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why do intel & amd underclock their cpu - Page 2

post #11 of 14
Also so they can sell CPUs at 3.something GHZ for $1000 lol
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post #12 of 14
They underclock them so that there is a headroom to ensure stability. If said batch isn't stable at what speed it was designed for, they down clock it and make a second, cheaper model that still ensures stability.

e.g. the only difference between Q6600s and Q6700s is that the Q6600 chip batches weren't at Intel's stability standards at the speeds of a Q6700, so they under clock them so they are stable, rather than just throwing the chips in the trash.

I would do the same thing.

And to those of you saying it's because of the coolers...
Why the hell would Intel underclock a $250 CPU to be compatible with a "free" cooler?
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post #13 of 14
To put it simply: reliability.

As others have said, for the masses, having a nice stable system is much more important than pushing the speed envelope. Us OCN type are but a tiny fraction of CPU buyers. If you were running a business with 150 workstations, would you want 25% locking up and causing problems because of instability? Probably not.

When chips are binned, they're tested for stability under "worst case scenario" which means the highest allowable temperature and the lowest amount of voltage. This way, the chip will more than likely still work with a flaky/cheap power supply and bad airflow.

This difference between advertised/rated clock rate and highest attainable clock rate is referred to as "headroom".

Now if you take an OCN rig with a Tuniq or watercooling and a high-quality power supply, you can narrow the headroom gap without putting the chip within danger or drastically shortening its lifespan.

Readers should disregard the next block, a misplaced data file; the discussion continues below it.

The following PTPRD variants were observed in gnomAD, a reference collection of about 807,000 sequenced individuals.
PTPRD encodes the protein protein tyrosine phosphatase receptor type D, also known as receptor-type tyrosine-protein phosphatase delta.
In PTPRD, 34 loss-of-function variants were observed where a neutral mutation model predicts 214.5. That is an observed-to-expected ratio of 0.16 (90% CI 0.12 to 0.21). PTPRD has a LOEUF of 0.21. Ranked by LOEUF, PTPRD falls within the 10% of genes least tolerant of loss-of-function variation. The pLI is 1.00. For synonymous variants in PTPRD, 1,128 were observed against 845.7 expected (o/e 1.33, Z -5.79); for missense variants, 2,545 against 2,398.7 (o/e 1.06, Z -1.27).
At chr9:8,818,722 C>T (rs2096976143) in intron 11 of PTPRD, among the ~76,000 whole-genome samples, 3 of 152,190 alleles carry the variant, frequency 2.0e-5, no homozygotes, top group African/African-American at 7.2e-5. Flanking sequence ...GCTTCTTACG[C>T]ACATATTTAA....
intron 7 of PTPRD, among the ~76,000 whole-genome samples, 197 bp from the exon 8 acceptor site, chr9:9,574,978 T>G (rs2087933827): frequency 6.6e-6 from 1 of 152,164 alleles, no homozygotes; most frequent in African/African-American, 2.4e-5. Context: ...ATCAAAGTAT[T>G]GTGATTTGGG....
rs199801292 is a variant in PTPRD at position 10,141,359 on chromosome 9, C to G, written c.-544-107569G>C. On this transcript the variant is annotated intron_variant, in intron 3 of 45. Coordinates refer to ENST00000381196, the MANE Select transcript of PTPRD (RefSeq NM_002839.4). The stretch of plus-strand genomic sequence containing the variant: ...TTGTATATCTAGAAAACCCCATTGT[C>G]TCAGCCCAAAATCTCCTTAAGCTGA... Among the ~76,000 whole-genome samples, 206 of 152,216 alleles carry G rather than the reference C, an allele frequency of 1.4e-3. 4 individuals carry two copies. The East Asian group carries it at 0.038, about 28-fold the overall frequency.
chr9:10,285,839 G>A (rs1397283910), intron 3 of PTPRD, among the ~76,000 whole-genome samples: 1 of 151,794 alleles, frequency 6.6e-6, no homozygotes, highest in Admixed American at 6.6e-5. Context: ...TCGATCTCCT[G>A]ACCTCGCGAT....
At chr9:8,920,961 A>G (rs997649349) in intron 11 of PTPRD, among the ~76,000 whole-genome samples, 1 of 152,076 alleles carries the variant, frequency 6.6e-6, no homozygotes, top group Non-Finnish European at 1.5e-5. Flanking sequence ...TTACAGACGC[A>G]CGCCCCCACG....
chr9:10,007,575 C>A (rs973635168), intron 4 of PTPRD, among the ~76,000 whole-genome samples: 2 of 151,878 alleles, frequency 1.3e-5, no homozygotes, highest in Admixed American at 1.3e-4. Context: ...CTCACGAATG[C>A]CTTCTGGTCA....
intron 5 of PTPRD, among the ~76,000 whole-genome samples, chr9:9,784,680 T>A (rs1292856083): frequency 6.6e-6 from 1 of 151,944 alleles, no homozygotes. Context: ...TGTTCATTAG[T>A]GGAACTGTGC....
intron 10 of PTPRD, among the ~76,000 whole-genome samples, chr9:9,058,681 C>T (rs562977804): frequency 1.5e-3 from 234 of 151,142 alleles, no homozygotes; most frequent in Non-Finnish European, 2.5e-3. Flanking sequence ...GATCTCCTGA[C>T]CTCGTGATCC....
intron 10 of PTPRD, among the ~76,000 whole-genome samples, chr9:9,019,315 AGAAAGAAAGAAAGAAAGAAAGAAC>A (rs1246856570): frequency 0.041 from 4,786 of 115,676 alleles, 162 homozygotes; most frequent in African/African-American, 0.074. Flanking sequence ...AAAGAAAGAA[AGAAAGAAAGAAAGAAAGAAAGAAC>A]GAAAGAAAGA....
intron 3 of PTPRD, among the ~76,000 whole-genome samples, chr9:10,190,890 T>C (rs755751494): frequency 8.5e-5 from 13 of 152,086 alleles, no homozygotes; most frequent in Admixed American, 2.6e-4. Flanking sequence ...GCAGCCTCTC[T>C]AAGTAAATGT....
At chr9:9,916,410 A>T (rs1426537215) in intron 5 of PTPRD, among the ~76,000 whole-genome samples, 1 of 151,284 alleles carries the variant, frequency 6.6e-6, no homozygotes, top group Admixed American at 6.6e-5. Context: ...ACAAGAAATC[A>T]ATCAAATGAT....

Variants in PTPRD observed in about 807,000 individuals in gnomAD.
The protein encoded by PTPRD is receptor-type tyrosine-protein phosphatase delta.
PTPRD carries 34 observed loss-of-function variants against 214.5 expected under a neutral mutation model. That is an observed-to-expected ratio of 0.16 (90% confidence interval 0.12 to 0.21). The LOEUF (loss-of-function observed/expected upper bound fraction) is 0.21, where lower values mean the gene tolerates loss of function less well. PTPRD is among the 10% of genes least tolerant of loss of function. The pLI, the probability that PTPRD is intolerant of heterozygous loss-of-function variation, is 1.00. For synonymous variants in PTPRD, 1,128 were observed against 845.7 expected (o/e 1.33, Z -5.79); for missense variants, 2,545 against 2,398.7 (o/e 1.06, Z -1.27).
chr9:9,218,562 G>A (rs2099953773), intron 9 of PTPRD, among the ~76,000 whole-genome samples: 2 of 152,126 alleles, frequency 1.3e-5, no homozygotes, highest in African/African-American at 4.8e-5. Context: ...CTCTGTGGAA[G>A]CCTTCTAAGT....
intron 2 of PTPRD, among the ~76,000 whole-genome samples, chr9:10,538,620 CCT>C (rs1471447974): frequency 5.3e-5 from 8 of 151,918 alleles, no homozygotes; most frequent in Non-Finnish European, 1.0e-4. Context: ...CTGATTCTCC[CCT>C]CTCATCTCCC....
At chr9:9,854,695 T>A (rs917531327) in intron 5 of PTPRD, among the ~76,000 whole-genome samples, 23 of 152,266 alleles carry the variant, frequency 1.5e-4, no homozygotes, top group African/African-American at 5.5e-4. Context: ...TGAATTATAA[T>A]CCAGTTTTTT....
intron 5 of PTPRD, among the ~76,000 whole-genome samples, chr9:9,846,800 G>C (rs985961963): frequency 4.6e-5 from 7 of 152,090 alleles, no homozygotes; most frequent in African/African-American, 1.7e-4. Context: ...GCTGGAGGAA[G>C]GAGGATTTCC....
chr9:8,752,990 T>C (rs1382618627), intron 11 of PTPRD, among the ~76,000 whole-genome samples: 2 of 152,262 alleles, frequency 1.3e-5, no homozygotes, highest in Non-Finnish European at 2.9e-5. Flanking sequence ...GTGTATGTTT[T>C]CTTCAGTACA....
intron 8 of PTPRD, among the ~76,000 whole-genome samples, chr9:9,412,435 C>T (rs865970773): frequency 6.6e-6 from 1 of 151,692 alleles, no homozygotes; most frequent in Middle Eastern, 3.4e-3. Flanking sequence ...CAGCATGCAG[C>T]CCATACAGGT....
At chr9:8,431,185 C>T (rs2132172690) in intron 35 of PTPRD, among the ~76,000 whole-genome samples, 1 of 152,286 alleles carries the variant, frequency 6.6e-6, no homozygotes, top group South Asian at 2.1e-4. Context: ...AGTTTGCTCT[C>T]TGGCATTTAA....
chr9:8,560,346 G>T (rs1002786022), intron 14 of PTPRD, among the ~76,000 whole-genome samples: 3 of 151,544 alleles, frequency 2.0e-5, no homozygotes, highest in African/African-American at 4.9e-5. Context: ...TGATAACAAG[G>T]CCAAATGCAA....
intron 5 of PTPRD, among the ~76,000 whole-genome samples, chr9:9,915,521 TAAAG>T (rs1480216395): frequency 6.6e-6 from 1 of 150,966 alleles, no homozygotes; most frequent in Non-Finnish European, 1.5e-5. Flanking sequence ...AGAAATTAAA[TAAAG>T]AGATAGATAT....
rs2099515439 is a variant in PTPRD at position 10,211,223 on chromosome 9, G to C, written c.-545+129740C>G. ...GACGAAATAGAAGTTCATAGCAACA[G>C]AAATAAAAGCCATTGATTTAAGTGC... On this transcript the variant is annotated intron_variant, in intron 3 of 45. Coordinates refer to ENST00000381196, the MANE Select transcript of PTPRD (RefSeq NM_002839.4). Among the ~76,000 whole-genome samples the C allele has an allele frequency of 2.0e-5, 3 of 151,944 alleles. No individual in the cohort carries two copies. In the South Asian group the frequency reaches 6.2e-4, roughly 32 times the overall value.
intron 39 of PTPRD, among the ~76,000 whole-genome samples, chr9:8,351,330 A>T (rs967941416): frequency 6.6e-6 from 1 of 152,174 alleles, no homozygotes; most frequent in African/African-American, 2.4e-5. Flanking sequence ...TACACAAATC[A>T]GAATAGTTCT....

post #14 of 14
Quote:
Originally Posted by MNiceGuy View Post
To put it simply: reliability.

As others have said, for the masses, having a nice stable system is much more important than pushing the speed envelope. Us OCN type are but a tiny fraction of CPU buyers. If you were running a business with 150 workstations, would you want 25% locking up and causing problems because of instability? Probably not.

When chips are binned, they're tested for stability under "worst case scenario" which means the highest allowable temperature and the lowest amount of voltage. This way, the chip will more than likely still work with a flaky/cheap power supply and bad airflow.

This difference between advertised/rated clock rate and highest attainable clock rate is referred to as "headroom".

Now if you take an OCN rig with a Tuniq or watercooling and a high-quality power supply, you can narrow the headroom gap without putting the chip within danger or drastically shortening its lifespan.
Yep, I agree. The "masses" by far consist of non-enthusiasts, many who may be completely ignorant of ideal running conditions for their PCs and who may have poor case cooling or poor ventilation. Lower clocks = higher stability, lower voltages, lesser power, less heat and can therefore can cope better in less than ideal conditions. Enthusiasts are simply aware of this design principle and take advantage of it by overclocking.
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